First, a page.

Prominent and much-loved New Zealand art curator, academic, and historian Professor Jonathan Mane-Wheoki has died.
He passed peacefully yesterday evening, the Auckland Art Gallery reported.
A leading scholar of Maori art, he held roles as dean of music and fine arts at the University of Canterbury, head of Elam Art School, head of arts and visual culture at Te Papa, and served on a wide range of relevant national and international bodies, including as a member of Te Haerewa, Auckland Art Gallery's Maori Advisory Group.
"Jonathan remains a highly influential pioneer in the development of contemporary Maori and Pacific art and art history, his contribution has been profound," Gallery director Rhana Devenport said.
"He will be long remembered for his powerful support and advocacy for contemporary Maori art practice and for being a brilliant and strong Maori voice in the fields of art history, architecture, fine arts education, cultural exchange and critical writing, both in Aotearoa New Zealand and internationally."
Mane-Wheoki received numerous distinctions particularly for his contribution to ensuring Maori and Pacific arts had a place in the national consciousness.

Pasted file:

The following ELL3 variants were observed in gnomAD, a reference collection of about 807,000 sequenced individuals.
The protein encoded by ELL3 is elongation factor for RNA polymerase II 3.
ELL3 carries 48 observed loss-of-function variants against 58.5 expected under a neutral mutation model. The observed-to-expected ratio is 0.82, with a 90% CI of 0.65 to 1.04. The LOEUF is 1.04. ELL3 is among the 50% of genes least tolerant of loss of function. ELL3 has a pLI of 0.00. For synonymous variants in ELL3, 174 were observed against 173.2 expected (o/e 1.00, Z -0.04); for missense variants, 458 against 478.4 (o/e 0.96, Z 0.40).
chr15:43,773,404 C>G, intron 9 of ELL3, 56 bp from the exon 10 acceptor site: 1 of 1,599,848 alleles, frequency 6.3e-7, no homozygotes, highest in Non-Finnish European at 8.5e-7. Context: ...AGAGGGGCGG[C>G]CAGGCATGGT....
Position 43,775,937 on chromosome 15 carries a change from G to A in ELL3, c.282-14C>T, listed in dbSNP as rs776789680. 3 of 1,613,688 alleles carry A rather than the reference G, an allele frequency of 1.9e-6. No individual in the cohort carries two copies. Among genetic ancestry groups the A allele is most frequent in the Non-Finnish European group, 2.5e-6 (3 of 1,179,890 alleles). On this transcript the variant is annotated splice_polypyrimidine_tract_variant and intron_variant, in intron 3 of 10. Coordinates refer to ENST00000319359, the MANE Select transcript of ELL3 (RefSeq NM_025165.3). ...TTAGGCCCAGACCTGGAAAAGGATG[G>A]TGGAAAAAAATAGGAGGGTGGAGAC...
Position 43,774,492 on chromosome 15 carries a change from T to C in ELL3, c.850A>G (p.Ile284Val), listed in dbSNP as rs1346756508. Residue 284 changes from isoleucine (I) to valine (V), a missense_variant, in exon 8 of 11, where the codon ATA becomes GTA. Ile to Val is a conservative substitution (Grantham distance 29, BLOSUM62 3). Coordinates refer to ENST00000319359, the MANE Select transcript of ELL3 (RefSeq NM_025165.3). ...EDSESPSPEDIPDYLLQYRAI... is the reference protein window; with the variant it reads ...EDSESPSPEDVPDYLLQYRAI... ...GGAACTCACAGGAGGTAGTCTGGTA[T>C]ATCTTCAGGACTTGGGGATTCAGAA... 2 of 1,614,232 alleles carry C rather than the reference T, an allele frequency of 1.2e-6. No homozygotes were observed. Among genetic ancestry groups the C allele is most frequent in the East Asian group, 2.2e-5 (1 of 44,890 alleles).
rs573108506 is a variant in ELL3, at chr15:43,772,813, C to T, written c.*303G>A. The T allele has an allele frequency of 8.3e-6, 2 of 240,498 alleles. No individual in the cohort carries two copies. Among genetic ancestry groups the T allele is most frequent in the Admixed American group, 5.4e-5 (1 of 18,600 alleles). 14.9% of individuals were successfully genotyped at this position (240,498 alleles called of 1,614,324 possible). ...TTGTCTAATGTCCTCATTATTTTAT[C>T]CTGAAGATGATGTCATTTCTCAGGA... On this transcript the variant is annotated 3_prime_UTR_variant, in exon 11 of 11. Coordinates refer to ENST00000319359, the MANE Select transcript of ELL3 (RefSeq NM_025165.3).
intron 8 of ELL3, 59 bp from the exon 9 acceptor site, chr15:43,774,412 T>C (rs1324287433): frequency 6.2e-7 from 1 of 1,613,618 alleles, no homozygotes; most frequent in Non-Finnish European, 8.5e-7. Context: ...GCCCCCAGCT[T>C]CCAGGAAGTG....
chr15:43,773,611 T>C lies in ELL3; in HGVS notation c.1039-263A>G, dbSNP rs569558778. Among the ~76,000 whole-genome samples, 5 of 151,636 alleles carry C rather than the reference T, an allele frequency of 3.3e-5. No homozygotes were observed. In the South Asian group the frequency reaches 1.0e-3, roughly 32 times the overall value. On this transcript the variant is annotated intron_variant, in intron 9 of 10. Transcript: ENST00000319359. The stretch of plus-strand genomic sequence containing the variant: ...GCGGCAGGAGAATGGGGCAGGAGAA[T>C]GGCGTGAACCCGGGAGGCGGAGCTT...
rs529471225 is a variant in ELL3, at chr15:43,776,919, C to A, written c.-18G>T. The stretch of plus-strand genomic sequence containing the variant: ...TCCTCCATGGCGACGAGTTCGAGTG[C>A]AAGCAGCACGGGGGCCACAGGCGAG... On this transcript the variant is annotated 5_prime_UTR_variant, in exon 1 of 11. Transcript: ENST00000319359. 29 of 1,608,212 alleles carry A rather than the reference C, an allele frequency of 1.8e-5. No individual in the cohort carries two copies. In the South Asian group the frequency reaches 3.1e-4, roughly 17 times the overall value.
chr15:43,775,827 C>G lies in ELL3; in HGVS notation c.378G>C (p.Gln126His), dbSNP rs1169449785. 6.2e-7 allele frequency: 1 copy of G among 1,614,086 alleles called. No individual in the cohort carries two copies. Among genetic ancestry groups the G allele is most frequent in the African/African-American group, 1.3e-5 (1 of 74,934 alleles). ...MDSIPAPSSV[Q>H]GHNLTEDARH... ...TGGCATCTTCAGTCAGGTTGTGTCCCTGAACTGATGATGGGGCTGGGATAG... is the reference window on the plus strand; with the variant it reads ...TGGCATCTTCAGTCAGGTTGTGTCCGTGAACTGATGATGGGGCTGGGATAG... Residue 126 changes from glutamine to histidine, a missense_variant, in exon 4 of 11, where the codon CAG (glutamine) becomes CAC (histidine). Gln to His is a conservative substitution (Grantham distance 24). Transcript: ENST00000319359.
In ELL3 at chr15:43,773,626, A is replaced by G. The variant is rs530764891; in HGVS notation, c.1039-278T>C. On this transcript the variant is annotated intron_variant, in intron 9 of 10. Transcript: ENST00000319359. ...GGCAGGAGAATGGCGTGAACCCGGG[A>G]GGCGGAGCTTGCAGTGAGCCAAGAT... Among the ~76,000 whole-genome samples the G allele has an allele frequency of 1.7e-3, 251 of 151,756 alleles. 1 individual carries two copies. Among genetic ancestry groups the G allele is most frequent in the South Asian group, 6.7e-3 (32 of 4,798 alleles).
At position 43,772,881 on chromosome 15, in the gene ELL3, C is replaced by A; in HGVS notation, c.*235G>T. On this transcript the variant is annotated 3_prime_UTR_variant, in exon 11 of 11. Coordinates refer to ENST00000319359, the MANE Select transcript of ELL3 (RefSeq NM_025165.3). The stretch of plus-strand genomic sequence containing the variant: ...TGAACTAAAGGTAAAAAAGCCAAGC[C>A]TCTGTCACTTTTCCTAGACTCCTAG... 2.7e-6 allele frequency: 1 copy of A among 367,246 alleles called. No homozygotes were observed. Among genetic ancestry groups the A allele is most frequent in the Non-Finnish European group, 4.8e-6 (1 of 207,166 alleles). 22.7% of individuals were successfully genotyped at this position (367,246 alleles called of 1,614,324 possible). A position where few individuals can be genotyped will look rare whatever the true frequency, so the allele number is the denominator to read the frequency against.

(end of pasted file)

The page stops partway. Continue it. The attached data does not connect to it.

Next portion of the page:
In August this year, he was made a Companion of the New Zealand Order of Merit. At the time, aged 70 and suffering from terminal cancer, he said he was prepared to die.
"I am relaxed about it, what else can I be?"
He had recently been north to the Hokianga, where he grew up, to see where his iwi (Ngāpuhi, Te Aupouri, and Ngāti Kuri) would bury him.
After the February 2011 Christchurch earthquake, the respected architectural historian spoke out in support of saving the Christ Church Cathedral. He said the church was part of the city's identity, sensibility, and its "heart".
He was known for his dedication to arts organisations and academia, but Mane-Wheoki was also a talented artist. In an interview in 2009, he revealed famous painter Colin McCahon spoke highly of his abilities.
He is survived by his partner Paul Bushnell and sister Moea.